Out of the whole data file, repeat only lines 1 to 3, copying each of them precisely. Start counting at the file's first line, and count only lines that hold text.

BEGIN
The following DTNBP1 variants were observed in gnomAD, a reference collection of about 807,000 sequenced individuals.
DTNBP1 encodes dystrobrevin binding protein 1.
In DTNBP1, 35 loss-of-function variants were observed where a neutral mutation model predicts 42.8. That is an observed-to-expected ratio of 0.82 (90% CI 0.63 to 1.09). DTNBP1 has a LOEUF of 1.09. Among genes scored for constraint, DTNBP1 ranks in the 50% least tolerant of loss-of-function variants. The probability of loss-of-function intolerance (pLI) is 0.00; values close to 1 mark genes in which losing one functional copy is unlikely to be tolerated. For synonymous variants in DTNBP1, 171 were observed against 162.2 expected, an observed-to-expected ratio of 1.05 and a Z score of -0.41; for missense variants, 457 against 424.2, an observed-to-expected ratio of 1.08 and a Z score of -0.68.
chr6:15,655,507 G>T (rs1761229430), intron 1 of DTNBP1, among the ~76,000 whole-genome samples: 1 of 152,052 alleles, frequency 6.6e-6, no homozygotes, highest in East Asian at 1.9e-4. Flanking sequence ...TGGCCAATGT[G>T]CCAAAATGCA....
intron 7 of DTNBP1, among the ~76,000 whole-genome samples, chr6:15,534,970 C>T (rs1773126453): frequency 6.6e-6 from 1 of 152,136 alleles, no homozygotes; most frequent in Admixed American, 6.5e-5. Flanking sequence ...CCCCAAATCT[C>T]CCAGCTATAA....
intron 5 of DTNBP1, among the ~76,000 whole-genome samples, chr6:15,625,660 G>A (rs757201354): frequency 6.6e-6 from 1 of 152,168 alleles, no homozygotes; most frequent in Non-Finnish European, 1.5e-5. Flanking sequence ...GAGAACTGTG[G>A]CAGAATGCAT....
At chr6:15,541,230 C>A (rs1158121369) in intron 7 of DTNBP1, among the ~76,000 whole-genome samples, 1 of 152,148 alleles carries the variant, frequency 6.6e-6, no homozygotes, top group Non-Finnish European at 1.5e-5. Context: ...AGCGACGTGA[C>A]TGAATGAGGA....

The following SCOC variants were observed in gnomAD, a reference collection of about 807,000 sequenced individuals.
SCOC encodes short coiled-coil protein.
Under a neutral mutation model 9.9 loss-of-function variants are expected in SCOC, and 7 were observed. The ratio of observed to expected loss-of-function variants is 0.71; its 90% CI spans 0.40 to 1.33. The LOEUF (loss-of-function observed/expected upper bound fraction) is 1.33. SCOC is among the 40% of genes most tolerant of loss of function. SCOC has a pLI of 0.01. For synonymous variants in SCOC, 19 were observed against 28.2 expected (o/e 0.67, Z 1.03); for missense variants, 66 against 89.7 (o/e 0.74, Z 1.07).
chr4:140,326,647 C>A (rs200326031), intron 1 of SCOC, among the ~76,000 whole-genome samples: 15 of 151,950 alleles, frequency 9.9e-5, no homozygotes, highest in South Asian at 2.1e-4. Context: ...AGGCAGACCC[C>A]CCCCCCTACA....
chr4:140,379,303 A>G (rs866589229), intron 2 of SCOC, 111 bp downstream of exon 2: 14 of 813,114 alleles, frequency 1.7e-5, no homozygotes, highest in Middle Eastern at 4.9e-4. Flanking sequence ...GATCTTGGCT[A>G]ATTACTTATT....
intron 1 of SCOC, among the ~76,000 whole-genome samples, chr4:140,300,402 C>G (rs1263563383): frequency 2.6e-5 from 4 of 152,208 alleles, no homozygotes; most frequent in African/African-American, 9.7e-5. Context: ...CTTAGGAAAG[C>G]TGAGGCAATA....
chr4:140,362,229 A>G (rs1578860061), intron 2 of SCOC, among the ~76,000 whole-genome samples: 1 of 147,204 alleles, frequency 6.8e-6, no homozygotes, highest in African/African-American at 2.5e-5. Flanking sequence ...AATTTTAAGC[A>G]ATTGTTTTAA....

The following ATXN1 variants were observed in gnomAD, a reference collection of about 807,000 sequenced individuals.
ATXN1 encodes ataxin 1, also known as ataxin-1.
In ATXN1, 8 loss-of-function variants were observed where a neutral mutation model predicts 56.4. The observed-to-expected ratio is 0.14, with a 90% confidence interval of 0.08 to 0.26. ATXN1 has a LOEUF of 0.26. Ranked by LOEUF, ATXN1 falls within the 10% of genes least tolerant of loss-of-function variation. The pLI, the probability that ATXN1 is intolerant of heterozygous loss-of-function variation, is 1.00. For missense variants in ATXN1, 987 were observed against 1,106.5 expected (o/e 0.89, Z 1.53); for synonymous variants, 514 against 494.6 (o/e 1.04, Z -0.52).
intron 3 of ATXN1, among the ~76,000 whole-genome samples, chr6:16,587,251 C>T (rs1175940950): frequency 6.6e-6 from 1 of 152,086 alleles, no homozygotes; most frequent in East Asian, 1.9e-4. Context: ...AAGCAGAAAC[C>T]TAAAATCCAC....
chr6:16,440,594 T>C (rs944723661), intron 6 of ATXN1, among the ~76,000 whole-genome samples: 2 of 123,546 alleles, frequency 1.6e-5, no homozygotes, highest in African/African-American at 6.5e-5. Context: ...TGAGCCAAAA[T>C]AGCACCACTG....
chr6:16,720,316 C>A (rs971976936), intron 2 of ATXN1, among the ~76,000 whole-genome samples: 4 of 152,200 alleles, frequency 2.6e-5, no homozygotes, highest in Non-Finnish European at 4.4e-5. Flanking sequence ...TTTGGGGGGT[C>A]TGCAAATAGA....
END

The following DTNBP1 variants were observed in gnomAD, a reference collection of about 807,000 sequenced individuals.
DTNBP1 encodes dystrobrevin binding protein 1.
In DTNBP1, 35 loss-of-function variants were observed where a neutral mutation model predicts 42.8. That is an observed-to-expected ratio of 0.82 (90% CI 0.63 to 1.09). DTNBP1 has a LOEUF of 1.09. Among genes scored for constraint, DTNBP1 ranks in the 50% least tolerant of loss-of-function variants. The probability of loss-of-function intolerance (pLI) is 0.00; values close to 1 mark genes in which losing one functional copy is unlikely to be tolerated. For synonymous variants in DTNBP1, 171 were observed against 162.2 expected, an observed-to-expected ratio of 1.05 and a Z score of -0.41; for missense variants, 457 against 424.2, an observed-to-expected ratio of 1.08 and a Z score of -0.68.